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The Way It Is/ Will ISC be good for Laguna Seca?

by Gordon Kirby
News broke a couple of weeks ago that ISC and Laguna Seca are discussing the possibility of ISC adding the legendary Northern California road course to its nationwide collection of oval tracks and road circuits. Many traditional road racing fans are alarmed by this prospect but others accept Laguna Seca's addition to ISC's portfolio as another inevitable step in ISC's domination of American racing. The only question is will it be a good or bad thing for Laguna Seca?

Let's not forget that ISC took control of the new United SportsCar series when it was created two years ago. As part of the deal ISC now owns the operating rights to both Sebring and Road Atlanta, sites of the classic 12 Hour race and Petit Le Mans. And ISC has been a part-owner of Watkins Glen since 1983 and the sole owner of the Glen since 1997, so it controls all four tracks--Daytona, Sebring, the Glen and Road Atlanta--that comprise USC's Patron North American Endurance Championship.

From ISC's perspective, adding Laguna Seca to its portfolio makes eminent sense. It would provide ISC with another historic American road course with a great history of sports car racing and give it a footing on the west coast in a lucrative market where it's never owned or operated a track.

Laguna Seca was opened in 1957 after a few years of successful but dangerous racing on the nearby Pebble Beach road circuit. The Pacific Grand Prix in the fall at Laguna Seca immediately became a huge event as unlimited sports car racing boomed in America. The success of Laguna's Pacific GP and Riverside's LA Times GP were precursors to the Can-Am which burst to life in 1966. The Can-Am thrived at Laguna Seca through 1973 but Laguna's October weekend continued unbroken for many years featuring Formula 5000 for a few years and then 'new era' Can-Am cars before settling in with CART from 1983-'04.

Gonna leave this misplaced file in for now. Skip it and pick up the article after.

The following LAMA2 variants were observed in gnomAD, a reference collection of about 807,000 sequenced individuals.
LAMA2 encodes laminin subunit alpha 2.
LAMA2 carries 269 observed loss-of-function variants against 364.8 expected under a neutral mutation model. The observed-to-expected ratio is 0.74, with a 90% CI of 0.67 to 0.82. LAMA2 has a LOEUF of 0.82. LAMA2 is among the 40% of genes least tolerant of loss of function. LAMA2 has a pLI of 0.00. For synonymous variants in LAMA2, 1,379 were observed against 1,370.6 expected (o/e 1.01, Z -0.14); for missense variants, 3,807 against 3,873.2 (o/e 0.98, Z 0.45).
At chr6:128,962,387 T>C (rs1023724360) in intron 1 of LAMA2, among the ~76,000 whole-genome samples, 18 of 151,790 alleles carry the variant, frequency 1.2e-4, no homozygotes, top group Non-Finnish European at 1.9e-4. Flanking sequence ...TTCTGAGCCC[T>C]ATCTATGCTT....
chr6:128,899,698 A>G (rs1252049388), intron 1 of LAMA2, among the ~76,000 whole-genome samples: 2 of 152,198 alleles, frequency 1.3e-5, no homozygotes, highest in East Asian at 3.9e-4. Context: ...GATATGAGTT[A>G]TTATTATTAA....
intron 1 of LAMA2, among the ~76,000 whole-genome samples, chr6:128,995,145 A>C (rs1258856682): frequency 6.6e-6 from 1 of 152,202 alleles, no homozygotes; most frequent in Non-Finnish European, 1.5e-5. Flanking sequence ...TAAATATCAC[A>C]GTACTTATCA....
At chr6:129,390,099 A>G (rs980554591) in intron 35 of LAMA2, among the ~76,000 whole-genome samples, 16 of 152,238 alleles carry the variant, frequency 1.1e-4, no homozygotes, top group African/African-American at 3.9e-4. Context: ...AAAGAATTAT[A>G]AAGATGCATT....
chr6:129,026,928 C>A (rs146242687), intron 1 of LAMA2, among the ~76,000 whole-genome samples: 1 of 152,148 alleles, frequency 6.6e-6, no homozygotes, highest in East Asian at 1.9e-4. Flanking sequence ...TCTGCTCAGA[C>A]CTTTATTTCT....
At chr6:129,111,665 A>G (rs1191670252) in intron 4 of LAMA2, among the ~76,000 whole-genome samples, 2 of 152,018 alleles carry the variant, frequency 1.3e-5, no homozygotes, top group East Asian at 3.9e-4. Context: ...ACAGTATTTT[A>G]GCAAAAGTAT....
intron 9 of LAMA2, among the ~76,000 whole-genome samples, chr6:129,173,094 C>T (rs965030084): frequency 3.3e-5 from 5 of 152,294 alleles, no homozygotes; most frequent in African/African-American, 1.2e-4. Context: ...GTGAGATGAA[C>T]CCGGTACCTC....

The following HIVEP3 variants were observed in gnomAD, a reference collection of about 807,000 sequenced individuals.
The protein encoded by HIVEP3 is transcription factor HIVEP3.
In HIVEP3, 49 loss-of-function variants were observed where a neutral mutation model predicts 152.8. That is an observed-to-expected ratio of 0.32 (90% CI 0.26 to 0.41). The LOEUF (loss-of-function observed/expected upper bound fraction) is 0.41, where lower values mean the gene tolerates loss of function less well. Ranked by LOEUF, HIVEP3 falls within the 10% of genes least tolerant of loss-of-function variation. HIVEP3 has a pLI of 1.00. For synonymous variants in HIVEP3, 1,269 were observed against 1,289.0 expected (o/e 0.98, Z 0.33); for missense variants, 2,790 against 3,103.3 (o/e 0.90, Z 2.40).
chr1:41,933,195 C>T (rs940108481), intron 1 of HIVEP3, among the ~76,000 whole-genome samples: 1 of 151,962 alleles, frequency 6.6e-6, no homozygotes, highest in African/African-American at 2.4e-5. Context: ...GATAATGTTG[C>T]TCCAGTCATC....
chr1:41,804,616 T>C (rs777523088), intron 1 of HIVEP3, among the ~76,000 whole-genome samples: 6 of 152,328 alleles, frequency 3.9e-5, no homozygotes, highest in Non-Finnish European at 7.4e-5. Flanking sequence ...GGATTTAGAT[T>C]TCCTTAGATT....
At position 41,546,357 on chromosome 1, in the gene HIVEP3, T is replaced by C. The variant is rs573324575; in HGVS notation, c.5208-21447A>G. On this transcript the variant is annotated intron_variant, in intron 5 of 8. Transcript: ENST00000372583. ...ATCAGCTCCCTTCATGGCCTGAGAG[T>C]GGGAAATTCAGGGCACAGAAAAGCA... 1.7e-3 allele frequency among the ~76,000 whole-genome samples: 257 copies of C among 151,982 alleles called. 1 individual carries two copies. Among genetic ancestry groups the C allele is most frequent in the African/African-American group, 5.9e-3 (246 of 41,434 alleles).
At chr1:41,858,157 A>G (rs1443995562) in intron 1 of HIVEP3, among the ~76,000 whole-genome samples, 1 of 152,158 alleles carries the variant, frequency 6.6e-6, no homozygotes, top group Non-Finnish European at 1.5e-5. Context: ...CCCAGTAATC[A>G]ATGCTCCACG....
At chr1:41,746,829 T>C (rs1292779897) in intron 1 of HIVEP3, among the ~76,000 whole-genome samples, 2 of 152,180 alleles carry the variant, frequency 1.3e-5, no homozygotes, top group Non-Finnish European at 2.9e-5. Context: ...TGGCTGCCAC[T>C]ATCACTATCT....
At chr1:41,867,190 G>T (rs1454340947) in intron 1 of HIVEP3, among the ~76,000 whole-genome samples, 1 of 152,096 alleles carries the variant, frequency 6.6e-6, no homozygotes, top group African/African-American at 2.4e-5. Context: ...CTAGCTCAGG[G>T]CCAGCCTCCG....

© Mike Levitt / LAT USA
Over a period of more than forty years Laguna Seca's fall race weekend established itself as a booming event with a huge crowd. Through CART's heydays the place was jammed all weekend and you had to leave your hotel before the sun came up to avoid most of the traffic and get a good parking place.

But the great race took a giant hit in the early years of the new century when many of CART's top teams--Penske, Ganassi, Andretti-Green and others--deserted CART for the IRL. Laguna's CART race was moved to June in 2002, then to September in '04, but crowds fell off precipitously and almost overnight the race become one of the most stunning victims of the CART/IRL war.

The failure in '04 of Laguna Seca's most successful race was a key moment in the track's history. As CART failed Laguna started running ALMS races in the fall. IMSA ran a successful May race weekend at Laguna from 1974-'88 and the revived October ALMS weekend did well through the height of the ALMS's days with the factory Audis, Penske and Dyson P2 Porsches and Acura P2 and P1 cars.

Meanwhile Laguna's May sports car weekend was revived in 2005 as a Grand-Am race. Now known as the Rolex Sports Car weekend it's been a TUSC race for the past two years but crowds have been disturbingly small.